Assuring the Supreme Court that it will not release genetically modified (GM) mustard without its nod, the government on Monday said that the strengthening of plant breeding programmes with the use of new technologies like genetic engineering is critical for meeting emerging challenges in Indian agriculture and for attaining self-sufficiency.
“GM mustard will significantly reduce the import of canola oil,” the government’s top law officer Mukul Rohatgi said, while accusing the petitioner and farm activist Aruna Rodrigues of “promoting import lobby”.
“India has a major deficit of edible oils. In the fiscal year 2014-15, the country produced 9.8 million tonne (mt) of edible oils and imported 14.35 (mt) to meet the consumption requirements. The import bill was around Rs 65,000 crore,” the government said. The case will be heard next on November 14.
The ministry of environment, forest and climate change, it its 71-page reply to the apex court, said that “mustard being the most important edible oil and seed meal crop of India, is grown in around 6-7 million hectares of land. Seed replacement (farmers buying fresh seeds) rates are around 79% and area under irrigation has increased to 75% of the total area under mustard. Despite all the investments made so far, yields of mustard are stagnating.”
Rohatgi further argued that the regulatory framework at present is designed to ensure that food and environmental safety of each event submitted by the developers is thoroughly assessed through a series of steps and processes before it is considered for environmental release by environment’s ministry’s Genetic Engineering Appraisal Committee (GEAC).
The technical sub-committee set up by the GEAC had last month concluded that a genetically modified variety of mustard — DMH–11 — developed by scientists of Delhi University, is ‘safe’ for both human and animal health. However, several states, including Rajasthan and Madhya Pradesh, the two top producers of the oilseed, have since come out against the move.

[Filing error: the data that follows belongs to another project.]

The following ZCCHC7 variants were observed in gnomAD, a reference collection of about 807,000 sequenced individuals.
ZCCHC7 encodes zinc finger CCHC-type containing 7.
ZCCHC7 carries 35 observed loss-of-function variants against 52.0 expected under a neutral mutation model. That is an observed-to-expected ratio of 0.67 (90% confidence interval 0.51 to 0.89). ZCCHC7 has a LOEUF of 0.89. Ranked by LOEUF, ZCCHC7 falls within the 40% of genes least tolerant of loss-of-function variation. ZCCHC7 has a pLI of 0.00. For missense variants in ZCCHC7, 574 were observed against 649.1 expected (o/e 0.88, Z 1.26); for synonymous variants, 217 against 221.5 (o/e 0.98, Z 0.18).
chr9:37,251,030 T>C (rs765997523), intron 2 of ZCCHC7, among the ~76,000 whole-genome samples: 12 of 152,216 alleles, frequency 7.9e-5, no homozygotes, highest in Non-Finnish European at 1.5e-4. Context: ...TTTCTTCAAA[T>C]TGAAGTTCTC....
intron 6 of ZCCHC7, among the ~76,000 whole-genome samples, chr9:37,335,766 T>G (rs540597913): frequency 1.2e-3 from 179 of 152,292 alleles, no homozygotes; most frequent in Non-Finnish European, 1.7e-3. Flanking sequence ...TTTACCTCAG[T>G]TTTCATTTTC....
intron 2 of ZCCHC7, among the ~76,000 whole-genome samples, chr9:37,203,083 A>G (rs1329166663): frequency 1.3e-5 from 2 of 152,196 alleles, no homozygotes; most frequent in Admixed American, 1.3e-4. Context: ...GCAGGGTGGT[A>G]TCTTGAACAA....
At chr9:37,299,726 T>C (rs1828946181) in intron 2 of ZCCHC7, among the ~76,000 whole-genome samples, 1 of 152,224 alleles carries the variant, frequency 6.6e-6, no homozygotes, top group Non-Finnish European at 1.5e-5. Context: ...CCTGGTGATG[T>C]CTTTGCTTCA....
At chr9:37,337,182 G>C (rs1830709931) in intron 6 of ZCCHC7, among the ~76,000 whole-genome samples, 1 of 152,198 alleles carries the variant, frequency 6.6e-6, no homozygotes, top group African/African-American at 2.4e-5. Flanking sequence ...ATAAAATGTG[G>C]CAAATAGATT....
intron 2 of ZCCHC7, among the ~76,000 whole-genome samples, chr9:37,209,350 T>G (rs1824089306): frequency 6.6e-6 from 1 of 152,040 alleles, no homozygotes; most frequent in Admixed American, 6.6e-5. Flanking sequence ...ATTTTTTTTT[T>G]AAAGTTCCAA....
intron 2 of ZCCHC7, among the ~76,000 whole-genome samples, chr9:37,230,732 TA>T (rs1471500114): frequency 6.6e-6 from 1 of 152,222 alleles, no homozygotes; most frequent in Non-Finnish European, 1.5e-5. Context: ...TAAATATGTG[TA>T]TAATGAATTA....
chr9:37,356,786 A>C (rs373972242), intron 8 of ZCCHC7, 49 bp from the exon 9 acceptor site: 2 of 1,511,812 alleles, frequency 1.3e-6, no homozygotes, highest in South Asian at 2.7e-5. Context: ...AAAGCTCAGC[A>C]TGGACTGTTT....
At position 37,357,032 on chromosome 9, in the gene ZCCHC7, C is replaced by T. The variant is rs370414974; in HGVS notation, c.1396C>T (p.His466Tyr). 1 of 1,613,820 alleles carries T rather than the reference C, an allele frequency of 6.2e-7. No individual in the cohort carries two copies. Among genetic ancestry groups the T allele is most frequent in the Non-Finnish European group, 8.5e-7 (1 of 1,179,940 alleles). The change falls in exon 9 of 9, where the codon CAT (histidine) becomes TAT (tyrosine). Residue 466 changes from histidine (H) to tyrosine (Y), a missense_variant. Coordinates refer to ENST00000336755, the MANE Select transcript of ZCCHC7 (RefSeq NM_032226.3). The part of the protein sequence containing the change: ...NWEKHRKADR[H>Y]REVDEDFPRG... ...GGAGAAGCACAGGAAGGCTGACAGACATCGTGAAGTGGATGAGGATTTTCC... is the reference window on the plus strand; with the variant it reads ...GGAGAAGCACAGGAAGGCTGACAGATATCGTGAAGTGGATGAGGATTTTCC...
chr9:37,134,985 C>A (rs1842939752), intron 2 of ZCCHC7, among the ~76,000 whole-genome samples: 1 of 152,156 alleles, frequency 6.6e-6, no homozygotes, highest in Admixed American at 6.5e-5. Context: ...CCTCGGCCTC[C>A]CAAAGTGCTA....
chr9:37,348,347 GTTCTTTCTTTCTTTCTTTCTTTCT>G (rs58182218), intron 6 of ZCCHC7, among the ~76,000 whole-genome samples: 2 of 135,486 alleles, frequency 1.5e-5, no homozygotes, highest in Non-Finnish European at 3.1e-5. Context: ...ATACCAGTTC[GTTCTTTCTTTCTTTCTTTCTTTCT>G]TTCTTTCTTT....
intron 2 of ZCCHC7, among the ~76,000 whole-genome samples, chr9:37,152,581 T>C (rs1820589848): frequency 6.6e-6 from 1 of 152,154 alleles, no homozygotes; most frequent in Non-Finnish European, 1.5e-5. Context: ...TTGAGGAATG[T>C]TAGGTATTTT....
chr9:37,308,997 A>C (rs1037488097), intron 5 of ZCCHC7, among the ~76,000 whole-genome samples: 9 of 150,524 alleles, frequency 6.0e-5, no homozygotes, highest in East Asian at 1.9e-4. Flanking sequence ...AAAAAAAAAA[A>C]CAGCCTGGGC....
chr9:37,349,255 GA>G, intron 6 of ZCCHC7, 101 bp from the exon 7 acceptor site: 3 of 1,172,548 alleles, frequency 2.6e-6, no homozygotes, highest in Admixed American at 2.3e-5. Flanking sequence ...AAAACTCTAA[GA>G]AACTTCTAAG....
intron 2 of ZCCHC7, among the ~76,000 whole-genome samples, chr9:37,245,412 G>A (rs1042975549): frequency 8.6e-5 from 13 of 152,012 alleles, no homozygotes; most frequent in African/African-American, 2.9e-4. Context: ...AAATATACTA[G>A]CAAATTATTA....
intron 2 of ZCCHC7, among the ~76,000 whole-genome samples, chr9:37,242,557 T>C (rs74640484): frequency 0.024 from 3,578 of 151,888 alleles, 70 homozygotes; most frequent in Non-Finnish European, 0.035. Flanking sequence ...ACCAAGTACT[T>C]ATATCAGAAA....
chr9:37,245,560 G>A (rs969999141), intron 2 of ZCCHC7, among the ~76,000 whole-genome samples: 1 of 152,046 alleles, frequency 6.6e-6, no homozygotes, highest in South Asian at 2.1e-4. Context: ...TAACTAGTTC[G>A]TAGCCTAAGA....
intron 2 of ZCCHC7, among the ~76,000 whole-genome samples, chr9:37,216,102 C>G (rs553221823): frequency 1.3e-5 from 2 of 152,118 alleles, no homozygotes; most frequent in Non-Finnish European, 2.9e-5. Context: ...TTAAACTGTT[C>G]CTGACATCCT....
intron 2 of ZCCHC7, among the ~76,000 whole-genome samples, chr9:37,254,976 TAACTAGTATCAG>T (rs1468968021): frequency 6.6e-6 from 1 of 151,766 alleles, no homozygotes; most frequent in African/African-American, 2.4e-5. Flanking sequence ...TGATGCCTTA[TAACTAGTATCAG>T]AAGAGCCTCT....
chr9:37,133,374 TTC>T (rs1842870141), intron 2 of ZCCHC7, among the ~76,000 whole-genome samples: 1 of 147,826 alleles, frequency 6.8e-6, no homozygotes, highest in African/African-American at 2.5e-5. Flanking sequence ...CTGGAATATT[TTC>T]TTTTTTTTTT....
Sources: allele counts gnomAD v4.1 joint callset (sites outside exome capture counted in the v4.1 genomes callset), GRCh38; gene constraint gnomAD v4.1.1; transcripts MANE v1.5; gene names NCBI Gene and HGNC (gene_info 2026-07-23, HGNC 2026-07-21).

If allowed, GM mustard will be the first genetically-engineered food crop to be cultivated in India; the previous UPA government had put a moratorium on commercial cultivation of Bt brinjal in 2010. Right now, only GM cotton is cultivated in the country.
The ministry further said that the central government is committed to improve farm productivity in oilseed and grain legumes with an explicit goal of making the country self-sufficient in these, besides improving farmers’ incomes.
“Supporting indigenous research through public sector funding is critical for taking technologies to the farmers at a low cost,” the affidavit stated.
Requesting the apex court to dismiss the “highly-motivated” petition filed by advocate Prashant Bhushan, on behalf of Rodrigues, the government said that the petitioners were ideologically against any field application of GE crops and have resorted to misinformation and unscientific interpretations on the issue of genetic diversity.
Rodrigues had filed the plea seeking a stay on the commercial release of GM mustard crop and prohibition of its open field trials. She had also urged the court to prohibit open field trials and commercial release of herbicide-tolerant crops including HT Mustard DMH 11 and its parent lines/variants as recommended by the Technical Expert Committee report.